Pentagon Press Secretary John F. Kirby has clarified remarks he made April 19, stressing that the U.S. government has only facilitated deliveries of spare parts for Ukraine's fighter jets, not whole aircraft, at least not so far. The Ukrainian Air Force had already denied widespread reports that it has received any additional fighter jets or other fixed-wing aircraft from any of its foreign partners.
Canada’s military will establish a new space division later this year as it further develops its capabilities and skills for space operations. Royal Canadian Air Force Brig. Gen. Michael Adamson, the service’s director general for space, said Canada is following its allies who have created similar organizations. The U.S. has a Space Force expected to number 16,000 people at full strength, but Adamson noted that Canada’s version would be much smaller.
Defense Secretary Lloyd J. Austin III on April 20 spoke with his Chinese counterpart for the first time since becoming Pentagon chief more than a year ago, breaking a communications impasse that American officials saw as increasingly dangerous amid concern that Beijing might provide military support for Russia’s war in Ukraine. Austin, who calls China the U.S. military’s leading long-term challenge but has been forced to focus heavily on Russia this year, requested the telephone conversation with Gen. Wei Fenge after months of failed effort to speak with Gen. Xu Qiliang, the highest ranking uniformed officer in the Communist Party military structure.
The Department of the Air Force is facing an existential question over how to structure its leadership to further the advancement of technologies in a landscape that is increasingly reliant on new capabilities. The Air Force saw its first-ever chief architect, Preston Dunlap, resign Monday after three years of service, in what he called a “passing of the baton.” Now the Air Force is questioning how it will continue to accelerate the development of technologies throughout its two military services, and that could mean the need for a chief architect is not warranted.
The Pentagon's security concerns around 5G are pretty well known and a high priority. But the time it will take to field 5G capabilities is also a major concern, according to a top Navy tech official. The Defense Department has been working on several 5G pilot programs, including some for smart warehouses, one at Naval Base Coronado, Calif. But Michael Galbraith, the Navy's chief digital innovation officer, who is a longtime commercial IT executive, said those solutions could easily become obsolete by the time they are out of production.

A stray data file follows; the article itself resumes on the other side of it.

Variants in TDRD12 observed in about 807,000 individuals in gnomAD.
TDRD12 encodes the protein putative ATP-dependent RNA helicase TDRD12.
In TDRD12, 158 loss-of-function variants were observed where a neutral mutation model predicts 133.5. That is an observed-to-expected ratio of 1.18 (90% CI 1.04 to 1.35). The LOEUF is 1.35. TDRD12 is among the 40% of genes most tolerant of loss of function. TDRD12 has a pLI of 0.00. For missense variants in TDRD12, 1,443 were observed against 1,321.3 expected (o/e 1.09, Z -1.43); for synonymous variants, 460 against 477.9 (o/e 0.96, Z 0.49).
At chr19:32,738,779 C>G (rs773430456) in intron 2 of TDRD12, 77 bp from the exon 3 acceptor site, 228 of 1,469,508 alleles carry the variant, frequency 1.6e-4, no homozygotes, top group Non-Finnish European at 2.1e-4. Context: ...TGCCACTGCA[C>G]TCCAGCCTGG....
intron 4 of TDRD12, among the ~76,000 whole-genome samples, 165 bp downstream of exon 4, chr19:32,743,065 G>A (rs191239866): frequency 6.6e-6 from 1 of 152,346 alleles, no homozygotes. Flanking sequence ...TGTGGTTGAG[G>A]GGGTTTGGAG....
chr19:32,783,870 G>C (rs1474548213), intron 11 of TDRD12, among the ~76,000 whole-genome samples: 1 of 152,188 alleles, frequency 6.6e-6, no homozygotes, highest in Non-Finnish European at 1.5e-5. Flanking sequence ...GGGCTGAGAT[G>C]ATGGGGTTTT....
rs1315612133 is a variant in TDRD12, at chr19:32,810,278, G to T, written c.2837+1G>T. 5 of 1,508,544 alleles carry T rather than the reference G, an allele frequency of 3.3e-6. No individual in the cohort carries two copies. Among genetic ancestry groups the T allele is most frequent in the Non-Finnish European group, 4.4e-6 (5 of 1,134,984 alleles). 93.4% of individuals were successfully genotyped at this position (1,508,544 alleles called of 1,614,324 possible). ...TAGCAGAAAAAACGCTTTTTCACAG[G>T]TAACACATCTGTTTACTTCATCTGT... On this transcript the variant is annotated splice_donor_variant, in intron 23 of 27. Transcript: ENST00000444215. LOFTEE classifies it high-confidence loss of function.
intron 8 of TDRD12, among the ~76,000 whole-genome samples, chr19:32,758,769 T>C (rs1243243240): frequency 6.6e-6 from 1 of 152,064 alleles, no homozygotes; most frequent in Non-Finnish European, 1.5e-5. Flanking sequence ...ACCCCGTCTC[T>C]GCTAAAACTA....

The U.S. military’s electronic warfare enterprise needs to take a page from SpaceX when it comes to responding to new threats, the Pentagon’s director for electromagnetic warfare said. After SpaceX sent Starlink terminals to Ukraine in February in an apparent effort to help Ukraine maintain its internet connection amid war with Russia, SpaceX founder Elon Musk claimed that Russia had jammed Starlink terminals in the country for hours at a time. After a software update, Starlink was operating normally, said Musk, who added on March 25 that the constellation had “resisted all hacking & jamming attempts” in Ukraine.
As Congress pushes the Space Force to develop a responsive launch capability that can reconstitute assets quickly, the service is looking more broadly at how it can make its entire architecture more responsive. For the last two years, Congress has included language in the National Defense Authorization Act directing the Space Force to establish a Tactically Responsive Space Launch program and to develop plans for how the service will execute the initiative. The Space Force has opted not to request funding for the effort, relying instead on congressional largesse including a $50 million add in the Fiscal 2022 Omnibus Appropriations Act.
After several years of planning and delays, the Department of Veterans Affairs is pushing for funding to open four new, unique burial sites within the next two years—two columbaria in major cities and two rural cemeteries in the West that eventually will entomb 310,000 veterans or family members. The four sites are in New York City; Indianapolis; Elko, Nev.; and Cedar City, Utah, and will cost the VA $3 million next year to ensure that they will open and be staffed within the next two years.
A Texan who died when the bomber he served on was shot down in World War II is finally coming home for burial in a rural East Texas cemetery. Tech. Sgt. Frank A. Norris, 23, of Quinlan, Texas, was serving with the Army Air Forces as a flight engineer aboard a B-24 Liberator, according to a Defense Department statement. His bomber was part of an Aug. 1, 1943, air raid on the Ploesti oil fields in Romania, the biggest of the war on that strategically important target.